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PartSelect Number PS11741460
This thermal fuse is designed for use in dryers. It is a safety mechanism that stops the flow of electricity to the heating element when a dryer overheats. When this fuse is faulty, your dryer will not start or it will not heat properly. This is a one-time fuse, meaning it cannot be re-set. It must be replaced when there is no longer continuity between the terminals. This replacement part features two 3/16 inch terminals, and is sold individually. It attaches to the blower wheel housing. Blown fuses can be caused by clogged dryer vents. We recommend checking to make sure all of the vents are clear when you perform this repair.
This part works with the following brands: Whirlpool, Admiral, Estate, Inglis, Kenmore, KitchenAid, Roper, Maytag, Crosley, Jenn-Air, Hardwick, Magic Chef, Amana, Caloric & Glenwood.
This part fixes the following symptoms:
I followed the video that you had for each part and they were both in the same area. Finished in 20 min. It did not fix the timer from moving again but I do have different heat levels.
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My first deduction is of course the element since its past its engineered time failure . Check with a digital ohm instrument every thing beep, the element, the cut off thermostat, the fuse etc. The only thing I did not check is the electronic dials . Like I suspect that relying on the digital beeps for shorts sometimes when the metal plates of the thermostat stop expanding and contracting due to calcification or something..it will still give you a beep. But when I use an analog ohm meter the reading is very minimal....So what I did was to order the thermostats both the cutoff and the thermal I also the fuse. The element does not show any break cause you can physically see it. Then Eureka ..the parts replaced and my wife is all smiles......plus saved a lot of buko mony..Thanks for the help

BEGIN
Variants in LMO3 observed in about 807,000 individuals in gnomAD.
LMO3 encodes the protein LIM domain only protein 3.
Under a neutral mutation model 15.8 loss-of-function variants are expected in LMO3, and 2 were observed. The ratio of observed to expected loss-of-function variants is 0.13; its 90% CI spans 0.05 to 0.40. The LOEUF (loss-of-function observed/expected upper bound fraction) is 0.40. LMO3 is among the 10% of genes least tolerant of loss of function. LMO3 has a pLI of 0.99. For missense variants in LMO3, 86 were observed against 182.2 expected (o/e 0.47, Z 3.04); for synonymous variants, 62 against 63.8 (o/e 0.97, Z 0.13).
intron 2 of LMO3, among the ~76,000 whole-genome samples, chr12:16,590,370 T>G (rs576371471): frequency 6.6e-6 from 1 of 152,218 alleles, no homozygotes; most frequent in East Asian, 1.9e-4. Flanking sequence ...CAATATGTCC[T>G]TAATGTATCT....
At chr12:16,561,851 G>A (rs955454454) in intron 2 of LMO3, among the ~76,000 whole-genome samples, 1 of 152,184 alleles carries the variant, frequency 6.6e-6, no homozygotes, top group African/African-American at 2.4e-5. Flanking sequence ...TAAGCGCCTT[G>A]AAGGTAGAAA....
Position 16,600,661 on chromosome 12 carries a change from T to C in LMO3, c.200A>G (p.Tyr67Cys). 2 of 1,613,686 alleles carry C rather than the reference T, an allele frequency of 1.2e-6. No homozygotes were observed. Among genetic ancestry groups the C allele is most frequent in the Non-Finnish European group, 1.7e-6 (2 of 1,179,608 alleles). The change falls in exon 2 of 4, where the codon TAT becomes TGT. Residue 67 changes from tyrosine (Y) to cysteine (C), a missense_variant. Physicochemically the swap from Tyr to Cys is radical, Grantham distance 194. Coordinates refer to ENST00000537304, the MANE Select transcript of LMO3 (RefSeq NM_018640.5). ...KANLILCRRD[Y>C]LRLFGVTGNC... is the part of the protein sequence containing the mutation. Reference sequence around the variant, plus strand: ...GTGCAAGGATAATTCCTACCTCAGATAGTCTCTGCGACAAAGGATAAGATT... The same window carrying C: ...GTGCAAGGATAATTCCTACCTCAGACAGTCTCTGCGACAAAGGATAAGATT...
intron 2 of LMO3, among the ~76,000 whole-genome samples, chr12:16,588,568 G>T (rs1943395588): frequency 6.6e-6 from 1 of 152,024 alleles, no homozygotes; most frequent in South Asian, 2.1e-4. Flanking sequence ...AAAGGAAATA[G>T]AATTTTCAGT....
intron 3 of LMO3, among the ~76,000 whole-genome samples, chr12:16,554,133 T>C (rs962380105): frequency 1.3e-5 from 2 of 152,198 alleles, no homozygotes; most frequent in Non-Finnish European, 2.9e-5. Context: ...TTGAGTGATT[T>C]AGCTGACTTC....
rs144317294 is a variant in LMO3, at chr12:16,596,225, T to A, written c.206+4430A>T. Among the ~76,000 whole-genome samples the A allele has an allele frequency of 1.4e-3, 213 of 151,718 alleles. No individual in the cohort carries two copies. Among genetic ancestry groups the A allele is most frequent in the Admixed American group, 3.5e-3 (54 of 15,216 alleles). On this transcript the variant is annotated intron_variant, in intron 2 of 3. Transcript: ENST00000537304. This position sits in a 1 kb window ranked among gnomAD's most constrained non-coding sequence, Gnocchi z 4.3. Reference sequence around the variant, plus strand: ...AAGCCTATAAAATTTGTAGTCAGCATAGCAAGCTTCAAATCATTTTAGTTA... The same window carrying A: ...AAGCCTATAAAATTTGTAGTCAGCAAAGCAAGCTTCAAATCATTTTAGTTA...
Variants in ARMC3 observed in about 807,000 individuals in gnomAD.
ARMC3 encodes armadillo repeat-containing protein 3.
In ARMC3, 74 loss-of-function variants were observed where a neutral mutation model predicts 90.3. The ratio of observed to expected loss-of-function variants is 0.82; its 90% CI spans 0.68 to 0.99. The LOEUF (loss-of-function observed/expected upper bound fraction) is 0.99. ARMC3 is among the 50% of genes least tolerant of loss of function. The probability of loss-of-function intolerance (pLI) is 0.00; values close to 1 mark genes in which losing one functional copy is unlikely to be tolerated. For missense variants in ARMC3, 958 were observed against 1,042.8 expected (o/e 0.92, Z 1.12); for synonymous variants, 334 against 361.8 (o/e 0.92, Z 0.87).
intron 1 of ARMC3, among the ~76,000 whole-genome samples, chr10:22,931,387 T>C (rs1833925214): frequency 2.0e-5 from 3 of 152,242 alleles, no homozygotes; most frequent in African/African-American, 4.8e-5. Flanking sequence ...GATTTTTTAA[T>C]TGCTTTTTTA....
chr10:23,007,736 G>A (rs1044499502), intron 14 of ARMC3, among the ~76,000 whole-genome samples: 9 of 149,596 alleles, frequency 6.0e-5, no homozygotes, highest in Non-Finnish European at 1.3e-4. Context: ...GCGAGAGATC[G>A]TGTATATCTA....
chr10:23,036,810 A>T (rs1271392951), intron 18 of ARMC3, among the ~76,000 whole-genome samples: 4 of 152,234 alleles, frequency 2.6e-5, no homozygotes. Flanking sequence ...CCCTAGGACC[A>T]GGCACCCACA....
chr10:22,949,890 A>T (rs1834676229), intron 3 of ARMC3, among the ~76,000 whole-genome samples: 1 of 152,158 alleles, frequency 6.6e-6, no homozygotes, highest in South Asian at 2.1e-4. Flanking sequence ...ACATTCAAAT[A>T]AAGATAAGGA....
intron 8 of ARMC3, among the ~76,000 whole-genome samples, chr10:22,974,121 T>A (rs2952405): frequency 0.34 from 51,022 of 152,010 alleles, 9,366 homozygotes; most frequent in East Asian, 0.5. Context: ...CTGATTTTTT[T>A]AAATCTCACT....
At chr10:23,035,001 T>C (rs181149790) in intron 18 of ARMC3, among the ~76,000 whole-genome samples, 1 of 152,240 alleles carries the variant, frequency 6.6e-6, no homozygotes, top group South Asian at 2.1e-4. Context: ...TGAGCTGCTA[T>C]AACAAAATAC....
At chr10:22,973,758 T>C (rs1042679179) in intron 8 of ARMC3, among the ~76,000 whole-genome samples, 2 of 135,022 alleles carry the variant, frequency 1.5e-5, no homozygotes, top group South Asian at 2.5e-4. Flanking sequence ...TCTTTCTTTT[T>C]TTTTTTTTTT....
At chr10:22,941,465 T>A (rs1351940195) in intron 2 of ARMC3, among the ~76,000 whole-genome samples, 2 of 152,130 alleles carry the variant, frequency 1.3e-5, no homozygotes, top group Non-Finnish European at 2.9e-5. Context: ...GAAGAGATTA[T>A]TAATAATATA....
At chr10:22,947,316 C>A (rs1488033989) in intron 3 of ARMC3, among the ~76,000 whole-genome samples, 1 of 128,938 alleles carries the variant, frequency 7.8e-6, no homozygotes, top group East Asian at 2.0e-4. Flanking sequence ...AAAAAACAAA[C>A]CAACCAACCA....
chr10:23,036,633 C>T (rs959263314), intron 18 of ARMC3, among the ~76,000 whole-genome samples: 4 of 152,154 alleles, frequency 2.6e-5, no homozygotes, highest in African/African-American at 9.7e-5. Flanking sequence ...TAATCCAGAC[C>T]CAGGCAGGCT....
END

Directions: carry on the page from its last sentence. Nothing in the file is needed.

There is a video that explains in full detail how to install. Unplug dryer. Remove screws to take back of dryer back off. Remove wires from part. Remove screw holding piece in place. Exchange old part for new part and screw back into place. Put wires back in part( they just snap into place) Put back to dryer back on with screws.
Watched video. Walked right through it.
I logged onto the website and watched the YouTube video of how to do it. I am not one for doing jobs myself, but watching the video gave me all the confidence I needed.The job was a breeze!!
Found multiple videos on how to diagnose the problem. Parts plus showed me that over 50% of the time the problem was the thermal fuse. I put a jumper wire between the two connections on the thermal fuse to see if the dryer would fire up. Sure enough it did. Bought the $10 thermal fuse and changed it in less than 15 min.
Unplugged the unit from power, took the back panel off the dryer, replaced the parts, vacuumed the inside of the dryer for dust and lint, replaced the back panel and, and plugged the power in.
Went to the web site and described the problem along with the model number. This site had great information, videos, and likely culprits. I tested the most likely problem, and it was bad. I followed the video and it was fixed. This site is amazing. Has saved me lots of time and money. They helped me fix my washer previously. I highly recommend this site
Accessed and removed the rear panel. I replaced the three electrical components with a nut driver and reattached the rear panel. The fix worked, so I have not yet replaced the gas coil sensors at the front of the dryer. The dryer is 19 years old, so the electrical connectors were pretty tight. I used needle nose pliers to pull the connectors free and prevent any damage to the wires. Good Luck.